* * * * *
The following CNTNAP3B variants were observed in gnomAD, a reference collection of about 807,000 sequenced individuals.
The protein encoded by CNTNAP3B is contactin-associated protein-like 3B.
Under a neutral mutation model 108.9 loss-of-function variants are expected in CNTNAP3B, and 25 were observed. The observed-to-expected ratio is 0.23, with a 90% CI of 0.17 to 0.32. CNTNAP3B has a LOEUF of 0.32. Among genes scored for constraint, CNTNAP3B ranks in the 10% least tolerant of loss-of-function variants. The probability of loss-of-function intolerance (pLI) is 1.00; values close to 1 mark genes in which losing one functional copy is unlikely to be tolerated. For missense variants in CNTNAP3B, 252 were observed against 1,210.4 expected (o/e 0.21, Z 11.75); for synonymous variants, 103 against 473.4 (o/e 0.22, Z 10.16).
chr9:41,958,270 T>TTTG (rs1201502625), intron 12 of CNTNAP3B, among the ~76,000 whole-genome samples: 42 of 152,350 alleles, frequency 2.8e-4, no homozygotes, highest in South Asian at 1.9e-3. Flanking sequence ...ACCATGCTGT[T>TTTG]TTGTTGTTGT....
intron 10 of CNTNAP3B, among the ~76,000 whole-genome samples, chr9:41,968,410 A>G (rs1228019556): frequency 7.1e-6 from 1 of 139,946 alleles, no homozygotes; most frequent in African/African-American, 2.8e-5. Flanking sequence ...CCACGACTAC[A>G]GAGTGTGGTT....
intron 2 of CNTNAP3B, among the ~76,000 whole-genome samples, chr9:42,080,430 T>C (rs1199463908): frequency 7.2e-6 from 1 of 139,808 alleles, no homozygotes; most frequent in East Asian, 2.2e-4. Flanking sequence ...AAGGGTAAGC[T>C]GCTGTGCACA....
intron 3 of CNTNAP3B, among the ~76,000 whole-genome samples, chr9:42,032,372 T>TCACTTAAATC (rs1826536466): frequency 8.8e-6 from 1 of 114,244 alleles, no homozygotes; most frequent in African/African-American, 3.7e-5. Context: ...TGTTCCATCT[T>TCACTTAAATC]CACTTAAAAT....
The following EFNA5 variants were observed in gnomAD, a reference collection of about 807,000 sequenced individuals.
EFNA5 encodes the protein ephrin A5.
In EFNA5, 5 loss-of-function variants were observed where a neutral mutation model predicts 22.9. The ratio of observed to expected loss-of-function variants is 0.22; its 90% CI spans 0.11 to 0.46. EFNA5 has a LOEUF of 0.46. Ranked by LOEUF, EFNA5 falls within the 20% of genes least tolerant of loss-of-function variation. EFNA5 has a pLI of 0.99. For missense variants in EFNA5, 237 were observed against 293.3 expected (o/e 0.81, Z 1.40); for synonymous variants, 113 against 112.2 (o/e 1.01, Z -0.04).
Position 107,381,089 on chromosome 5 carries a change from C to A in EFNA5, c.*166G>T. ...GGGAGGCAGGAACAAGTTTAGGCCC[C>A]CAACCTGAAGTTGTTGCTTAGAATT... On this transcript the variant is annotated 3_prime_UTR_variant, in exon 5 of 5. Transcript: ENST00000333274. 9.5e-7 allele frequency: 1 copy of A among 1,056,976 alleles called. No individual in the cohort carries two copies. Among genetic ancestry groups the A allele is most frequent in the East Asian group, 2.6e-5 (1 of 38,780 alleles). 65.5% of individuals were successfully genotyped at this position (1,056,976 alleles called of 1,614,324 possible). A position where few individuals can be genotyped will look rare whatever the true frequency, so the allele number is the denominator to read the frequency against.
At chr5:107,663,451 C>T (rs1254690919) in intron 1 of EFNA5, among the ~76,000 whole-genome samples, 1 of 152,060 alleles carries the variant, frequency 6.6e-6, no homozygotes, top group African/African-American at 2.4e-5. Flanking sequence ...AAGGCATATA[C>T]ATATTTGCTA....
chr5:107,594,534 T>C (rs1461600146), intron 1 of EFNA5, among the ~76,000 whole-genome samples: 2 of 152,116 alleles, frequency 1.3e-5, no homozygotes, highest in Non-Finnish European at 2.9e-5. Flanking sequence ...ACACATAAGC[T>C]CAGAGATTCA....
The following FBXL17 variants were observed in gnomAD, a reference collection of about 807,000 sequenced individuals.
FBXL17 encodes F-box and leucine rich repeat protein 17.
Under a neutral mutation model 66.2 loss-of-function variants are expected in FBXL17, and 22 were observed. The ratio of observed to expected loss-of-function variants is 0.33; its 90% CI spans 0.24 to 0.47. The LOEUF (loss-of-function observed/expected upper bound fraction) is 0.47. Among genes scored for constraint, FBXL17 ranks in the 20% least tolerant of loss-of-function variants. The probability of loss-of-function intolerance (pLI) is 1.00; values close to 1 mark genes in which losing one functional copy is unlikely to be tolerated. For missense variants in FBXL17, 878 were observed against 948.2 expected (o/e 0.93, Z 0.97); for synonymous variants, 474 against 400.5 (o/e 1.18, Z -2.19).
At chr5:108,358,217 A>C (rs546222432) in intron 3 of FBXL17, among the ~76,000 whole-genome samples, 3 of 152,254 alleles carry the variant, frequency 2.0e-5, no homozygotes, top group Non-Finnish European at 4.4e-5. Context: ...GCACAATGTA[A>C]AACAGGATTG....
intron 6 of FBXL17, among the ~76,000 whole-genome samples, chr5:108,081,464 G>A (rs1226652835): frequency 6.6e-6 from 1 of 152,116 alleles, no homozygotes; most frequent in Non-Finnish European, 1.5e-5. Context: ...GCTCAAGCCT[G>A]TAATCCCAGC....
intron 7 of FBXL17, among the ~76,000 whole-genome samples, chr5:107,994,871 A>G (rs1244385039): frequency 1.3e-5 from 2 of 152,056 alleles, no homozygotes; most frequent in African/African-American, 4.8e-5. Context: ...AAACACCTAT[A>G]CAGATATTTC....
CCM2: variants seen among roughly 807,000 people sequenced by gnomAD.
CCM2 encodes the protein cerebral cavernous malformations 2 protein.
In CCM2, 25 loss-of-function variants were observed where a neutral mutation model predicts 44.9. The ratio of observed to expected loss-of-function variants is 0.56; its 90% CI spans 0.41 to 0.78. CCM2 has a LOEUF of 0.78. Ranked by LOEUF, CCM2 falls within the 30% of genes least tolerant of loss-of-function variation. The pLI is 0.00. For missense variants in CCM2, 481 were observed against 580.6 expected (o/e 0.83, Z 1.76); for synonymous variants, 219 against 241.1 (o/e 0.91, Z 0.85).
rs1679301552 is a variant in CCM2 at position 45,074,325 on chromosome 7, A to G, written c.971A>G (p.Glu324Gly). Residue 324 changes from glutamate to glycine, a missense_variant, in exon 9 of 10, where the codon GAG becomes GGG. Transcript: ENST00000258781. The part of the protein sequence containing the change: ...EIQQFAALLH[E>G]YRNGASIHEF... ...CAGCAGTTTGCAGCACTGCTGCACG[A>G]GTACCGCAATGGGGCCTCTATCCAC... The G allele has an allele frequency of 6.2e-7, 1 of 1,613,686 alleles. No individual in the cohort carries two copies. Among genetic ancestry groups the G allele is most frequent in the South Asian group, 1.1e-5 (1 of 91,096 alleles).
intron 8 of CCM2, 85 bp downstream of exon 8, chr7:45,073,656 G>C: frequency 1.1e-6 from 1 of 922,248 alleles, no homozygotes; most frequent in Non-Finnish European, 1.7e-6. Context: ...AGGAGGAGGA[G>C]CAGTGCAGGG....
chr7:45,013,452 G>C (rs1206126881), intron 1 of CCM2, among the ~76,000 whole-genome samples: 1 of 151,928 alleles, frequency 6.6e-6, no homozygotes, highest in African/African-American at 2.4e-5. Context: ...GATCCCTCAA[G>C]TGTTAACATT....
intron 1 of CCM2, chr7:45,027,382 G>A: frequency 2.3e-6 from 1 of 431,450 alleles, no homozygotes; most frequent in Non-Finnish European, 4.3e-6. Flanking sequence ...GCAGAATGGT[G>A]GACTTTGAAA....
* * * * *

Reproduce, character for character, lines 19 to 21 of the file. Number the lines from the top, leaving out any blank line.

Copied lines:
intron 7 of FBXL17, among the ~76,000 whole-genome samples, chr5:107,994,871 A>G (rs1244385039): frequency 1.3e-5 from 2 of 152,056 alleles, no homozygotes; most frequent in African/African-American, 4.8e-5. Context: ...AAACACCTAT[A>G]CAGATATTTC....
CCM2: variants seen among roughly 807,000 people sequenced by gnomAD.
CCM2 encodes the protein cerebral cavernous malformations 2 protein.